The new surveillance programs have gone out of their way to abuse these new powers, with companies such as Google, Facebook, Skype, and many others coming under fire by the government in their search for data. Snowden’s estimation of the budget spent on data collection is around 25.3 billion dollars, as report by Martin Grandjean. Even more interestingly, it is estimated the NSA has collected over 3.6 million terabytes of data from its creation in 2007 to Snowden’s revelations in 2013. Compare that number to Google, who has around 1.2 million terabytes, and the average American with normally around one terabyte. These numbers are frankly terrifying; in the NSA’s almost infinite database, your emails, phone numbers, passwords, user accounts, are all stored there.
Businesses did not take the news well of hearing their involuntary hand in the programs, as were their customers worldwide. AT&T’s merger with Vodafone was cancelled and would be heavily scrutinized. Microsoft lost millions of customers around the world due to paranoia from foreigners of the NSA spying on them through American companies. IBM spent over one billion dollars constructing data centers offshore of the United States to assure customers that their data would not be spied on by the NSA. Mass surveillance programs at home lower our reputation abroad, hurting the economy in a subtle way by hindering their ability to work abroad.
The issue of mass surveillance comes down to, once again, an issue of privacy over security. PRISM and other programs recently instituted by the government greatly lower privacy, but do they raise security? According to a study conducted by the New America Foundation, mass surveillance program evidence was barely used in the 225 terrorism cases they analyzed, the courts preferring more traditional methods such as the use of informants, tips from local communities, and targeted intelligence operations. This is because these are much more focused than the NSA’s recording of all communications, making traditional methods far more reliable and accurate. Really, the NSA’s effectiveness is debatable, but the negative effect it has on the average American’s privacy is undeniable.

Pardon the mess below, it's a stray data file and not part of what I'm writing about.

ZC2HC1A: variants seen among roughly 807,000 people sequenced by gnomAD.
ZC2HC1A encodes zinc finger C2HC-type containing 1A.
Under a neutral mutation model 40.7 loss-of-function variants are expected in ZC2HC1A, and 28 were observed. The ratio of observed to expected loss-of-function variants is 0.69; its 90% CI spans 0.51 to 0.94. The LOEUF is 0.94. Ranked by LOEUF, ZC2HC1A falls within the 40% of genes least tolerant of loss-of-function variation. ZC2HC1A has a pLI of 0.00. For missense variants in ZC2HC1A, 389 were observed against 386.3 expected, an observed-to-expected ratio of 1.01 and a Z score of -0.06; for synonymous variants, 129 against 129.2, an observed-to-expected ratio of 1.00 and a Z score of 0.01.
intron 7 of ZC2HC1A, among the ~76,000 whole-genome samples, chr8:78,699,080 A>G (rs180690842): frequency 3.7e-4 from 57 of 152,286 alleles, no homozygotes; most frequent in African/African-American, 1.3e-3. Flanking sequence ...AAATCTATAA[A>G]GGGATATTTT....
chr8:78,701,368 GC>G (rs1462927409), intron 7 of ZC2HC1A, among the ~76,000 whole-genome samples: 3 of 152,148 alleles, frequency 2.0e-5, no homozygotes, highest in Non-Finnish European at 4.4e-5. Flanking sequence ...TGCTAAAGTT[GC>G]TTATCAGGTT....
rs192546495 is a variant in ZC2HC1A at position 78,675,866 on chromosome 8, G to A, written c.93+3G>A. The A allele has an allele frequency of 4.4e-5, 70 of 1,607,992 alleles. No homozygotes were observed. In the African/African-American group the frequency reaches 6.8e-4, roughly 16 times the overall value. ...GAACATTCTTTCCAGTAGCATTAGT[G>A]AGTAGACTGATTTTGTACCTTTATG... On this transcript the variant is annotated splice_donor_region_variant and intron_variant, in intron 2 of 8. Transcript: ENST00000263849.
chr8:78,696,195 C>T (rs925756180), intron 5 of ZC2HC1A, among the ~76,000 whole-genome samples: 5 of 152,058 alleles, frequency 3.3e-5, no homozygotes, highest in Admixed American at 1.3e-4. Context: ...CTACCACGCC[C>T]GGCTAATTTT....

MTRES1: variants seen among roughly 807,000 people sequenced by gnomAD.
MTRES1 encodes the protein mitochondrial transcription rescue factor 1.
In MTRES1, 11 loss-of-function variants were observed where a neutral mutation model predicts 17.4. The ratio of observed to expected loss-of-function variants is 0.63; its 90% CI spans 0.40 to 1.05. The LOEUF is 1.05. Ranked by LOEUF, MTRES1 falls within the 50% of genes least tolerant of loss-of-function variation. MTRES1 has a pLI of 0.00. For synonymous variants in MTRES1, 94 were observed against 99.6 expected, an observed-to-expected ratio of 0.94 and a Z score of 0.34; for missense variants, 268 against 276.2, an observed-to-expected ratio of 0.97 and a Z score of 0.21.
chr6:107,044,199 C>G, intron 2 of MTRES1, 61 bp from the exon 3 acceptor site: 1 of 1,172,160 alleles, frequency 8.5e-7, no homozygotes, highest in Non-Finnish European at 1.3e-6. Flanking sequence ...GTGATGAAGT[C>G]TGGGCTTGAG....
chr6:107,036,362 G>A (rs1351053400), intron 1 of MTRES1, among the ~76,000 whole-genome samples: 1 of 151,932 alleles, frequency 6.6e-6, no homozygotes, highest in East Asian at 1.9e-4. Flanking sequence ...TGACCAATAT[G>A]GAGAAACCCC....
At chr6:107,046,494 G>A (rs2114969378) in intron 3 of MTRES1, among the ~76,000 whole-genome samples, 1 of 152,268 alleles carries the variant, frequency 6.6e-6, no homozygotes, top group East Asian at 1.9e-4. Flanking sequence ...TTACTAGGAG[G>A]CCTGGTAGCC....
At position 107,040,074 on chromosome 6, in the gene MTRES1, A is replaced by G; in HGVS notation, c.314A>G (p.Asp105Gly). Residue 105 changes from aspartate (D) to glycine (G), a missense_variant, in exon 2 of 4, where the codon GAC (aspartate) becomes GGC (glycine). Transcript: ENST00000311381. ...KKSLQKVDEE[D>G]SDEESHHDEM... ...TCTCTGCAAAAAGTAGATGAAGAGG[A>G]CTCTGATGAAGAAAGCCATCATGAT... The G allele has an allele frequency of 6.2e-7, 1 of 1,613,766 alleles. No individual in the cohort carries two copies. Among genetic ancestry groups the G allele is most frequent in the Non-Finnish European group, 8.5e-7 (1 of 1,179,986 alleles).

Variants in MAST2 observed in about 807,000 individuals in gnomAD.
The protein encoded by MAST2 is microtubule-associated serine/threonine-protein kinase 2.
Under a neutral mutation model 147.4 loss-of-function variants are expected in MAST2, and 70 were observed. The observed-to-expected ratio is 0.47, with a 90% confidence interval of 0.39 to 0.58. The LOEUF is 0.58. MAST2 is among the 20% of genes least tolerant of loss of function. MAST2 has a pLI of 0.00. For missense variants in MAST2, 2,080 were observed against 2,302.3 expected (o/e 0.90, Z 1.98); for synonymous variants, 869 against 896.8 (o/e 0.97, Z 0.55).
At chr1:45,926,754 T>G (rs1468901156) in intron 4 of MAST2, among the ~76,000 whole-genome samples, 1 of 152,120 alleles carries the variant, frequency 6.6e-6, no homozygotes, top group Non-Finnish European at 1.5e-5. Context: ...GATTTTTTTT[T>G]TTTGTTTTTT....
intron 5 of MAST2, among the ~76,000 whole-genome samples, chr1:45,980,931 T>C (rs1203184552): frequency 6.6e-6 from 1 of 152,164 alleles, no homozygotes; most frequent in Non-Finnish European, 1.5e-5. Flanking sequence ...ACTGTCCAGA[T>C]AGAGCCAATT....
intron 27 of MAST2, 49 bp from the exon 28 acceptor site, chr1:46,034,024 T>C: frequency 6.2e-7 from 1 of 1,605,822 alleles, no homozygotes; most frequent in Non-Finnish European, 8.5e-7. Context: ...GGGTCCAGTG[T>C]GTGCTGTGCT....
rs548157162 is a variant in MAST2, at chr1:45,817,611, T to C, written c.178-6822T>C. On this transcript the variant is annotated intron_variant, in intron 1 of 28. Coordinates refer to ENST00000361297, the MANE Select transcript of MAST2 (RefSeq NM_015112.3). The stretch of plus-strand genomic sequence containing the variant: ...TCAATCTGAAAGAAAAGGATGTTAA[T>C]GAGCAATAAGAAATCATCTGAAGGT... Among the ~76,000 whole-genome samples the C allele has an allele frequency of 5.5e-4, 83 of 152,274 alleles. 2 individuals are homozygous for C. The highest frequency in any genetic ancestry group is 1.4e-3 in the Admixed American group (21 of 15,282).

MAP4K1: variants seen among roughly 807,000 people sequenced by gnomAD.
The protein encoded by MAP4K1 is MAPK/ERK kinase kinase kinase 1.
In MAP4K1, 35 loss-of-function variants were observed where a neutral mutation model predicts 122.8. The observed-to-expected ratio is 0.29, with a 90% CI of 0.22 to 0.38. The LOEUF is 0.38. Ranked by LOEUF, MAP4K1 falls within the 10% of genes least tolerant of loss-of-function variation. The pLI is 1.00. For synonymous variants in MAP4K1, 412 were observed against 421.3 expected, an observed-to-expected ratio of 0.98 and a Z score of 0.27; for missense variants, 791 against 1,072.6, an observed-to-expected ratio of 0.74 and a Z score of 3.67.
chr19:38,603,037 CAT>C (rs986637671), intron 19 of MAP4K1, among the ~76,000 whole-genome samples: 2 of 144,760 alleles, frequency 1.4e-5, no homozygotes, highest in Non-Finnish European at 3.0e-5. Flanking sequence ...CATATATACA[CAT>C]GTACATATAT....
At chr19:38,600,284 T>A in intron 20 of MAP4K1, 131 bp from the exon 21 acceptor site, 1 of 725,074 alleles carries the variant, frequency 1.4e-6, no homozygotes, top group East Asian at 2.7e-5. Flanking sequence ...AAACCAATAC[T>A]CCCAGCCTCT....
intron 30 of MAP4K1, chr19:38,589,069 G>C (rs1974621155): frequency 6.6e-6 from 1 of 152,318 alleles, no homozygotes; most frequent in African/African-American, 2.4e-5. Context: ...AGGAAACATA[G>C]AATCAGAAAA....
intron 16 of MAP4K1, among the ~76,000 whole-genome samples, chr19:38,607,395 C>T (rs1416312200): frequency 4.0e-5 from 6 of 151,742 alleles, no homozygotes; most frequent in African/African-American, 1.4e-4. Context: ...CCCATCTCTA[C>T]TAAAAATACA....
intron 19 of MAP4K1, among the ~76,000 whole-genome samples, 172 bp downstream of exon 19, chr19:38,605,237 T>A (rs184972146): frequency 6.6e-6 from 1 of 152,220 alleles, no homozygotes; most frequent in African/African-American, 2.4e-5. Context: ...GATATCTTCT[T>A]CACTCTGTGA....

Compare PRISM and mass surveillance programs to the 4th Amendment. This amendment guarantees “[t]he right of the people to be secure in their persons, houses, papers, and effects, against unreasonable searches and seizures, shall not be violated, and no Warrants shall issue, but upon probable cause, supported by Oath or affirmation, and particularly describing the place to be searched, and the persons or things to be seized.” Notice how blatantly the FISA Amendments Act of 2008 ignore this basic doctrine, exercising “unreasonable searches and seizures” without warrants. The use of PRISM in data collection is not only morally irresponsible, it also discounts the American Constitution and opposes it directly.

The issue that is presented throughout American history (especially recently) is how to strike a pleasing balance between privacy and security. While maintaining our security should remain a priority, programs like PRISM are in absolute violation of the Constitution and molest the average American’s privacy. The best way to maintain our security would be to strengthen the traditional methods of investigating terrorism, as it is far more practical than bulk surveillance. If we as the American people all these policies to go unchallenged and unchecked, the Orwellian state will lower its deadly steel grip until it seizes us at the waist and refuses to let us go.